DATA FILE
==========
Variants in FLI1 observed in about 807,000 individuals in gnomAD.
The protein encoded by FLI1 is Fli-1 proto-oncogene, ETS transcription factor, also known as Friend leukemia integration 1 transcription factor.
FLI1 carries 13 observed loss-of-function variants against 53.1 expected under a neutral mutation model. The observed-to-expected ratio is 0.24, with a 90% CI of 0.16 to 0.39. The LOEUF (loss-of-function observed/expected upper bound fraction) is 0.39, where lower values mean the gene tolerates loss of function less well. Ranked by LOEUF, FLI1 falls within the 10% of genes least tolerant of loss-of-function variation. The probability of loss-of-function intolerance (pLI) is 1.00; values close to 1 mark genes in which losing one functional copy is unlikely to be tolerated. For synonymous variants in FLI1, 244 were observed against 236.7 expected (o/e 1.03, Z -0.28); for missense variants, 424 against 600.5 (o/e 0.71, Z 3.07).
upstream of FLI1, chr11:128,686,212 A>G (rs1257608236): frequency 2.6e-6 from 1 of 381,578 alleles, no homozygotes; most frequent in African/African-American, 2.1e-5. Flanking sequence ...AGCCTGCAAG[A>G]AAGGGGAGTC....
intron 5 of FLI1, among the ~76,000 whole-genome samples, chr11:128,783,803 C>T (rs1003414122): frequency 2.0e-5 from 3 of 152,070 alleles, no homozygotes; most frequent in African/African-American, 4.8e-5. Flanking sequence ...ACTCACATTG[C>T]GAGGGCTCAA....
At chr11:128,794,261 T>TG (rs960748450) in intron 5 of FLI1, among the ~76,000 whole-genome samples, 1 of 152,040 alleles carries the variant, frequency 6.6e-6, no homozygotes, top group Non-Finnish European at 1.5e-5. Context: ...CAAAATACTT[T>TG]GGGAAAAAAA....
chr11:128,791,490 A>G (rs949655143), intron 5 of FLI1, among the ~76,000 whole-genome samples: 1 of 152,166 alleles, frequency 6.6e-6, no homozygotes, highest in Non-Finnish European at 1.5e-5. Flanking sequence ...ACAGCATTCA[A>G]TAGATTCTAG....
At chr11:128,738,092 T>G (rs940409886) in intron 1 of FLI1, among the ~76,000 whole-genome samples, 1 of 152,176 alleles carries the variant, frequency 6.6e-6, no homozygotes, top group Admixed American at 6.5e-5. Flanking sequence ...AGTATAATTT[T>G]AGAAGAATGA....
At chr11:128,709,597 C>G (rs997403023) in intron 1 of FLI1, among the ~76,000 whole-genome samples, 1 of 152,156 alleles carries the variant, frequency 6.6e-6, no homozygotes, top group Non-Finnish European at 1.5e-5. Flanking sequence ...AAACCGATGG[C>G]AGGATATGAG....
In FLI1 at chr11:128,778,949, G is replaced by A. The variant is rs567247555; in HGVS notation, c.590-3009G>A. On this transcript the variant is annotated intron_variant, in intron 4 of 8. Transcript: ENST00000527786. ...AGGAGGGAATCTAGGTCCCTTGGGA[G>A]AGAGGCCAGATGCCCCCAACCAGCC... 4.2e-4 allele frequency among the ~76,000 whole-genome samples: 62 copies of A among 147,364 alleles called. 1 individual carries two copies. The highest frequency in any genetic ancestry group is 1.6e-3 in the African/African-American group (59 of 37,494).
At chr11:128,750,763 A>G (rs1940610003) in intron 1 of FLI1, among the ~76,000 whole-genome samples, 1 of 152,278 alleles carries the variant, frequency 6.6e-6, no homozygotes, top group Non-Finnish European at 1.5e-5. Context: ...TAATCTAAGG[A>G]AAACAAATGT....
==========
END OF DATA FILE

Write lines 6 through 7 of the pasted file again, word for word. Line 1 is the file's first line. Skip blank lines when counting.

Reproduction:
At chr11:128,794,261 T>TG (rs960748450) in intron 5 of FLI1, among the ~76,000 whole-genome samples, 1 of 152,040 alleles carries the variant, frequency 6.6e-6, no homozygotes, top group Non-Finnish European at 1.5e-5. Context: ...CAAAATACTT[T>TG]GGGAAAAAAA....
chr11:128,791,490 A>G (rs949655143), intron 5 of FLI1, among the ~76,000 whole-genome samples: 1 of 152,166 alleles, frequency 6.6e-6, no homozygotes, highest in Non-Finnish European at 1.5e-5. Flanking sequence ...ACAGCATTCA[A>G]TAGATTCTAG....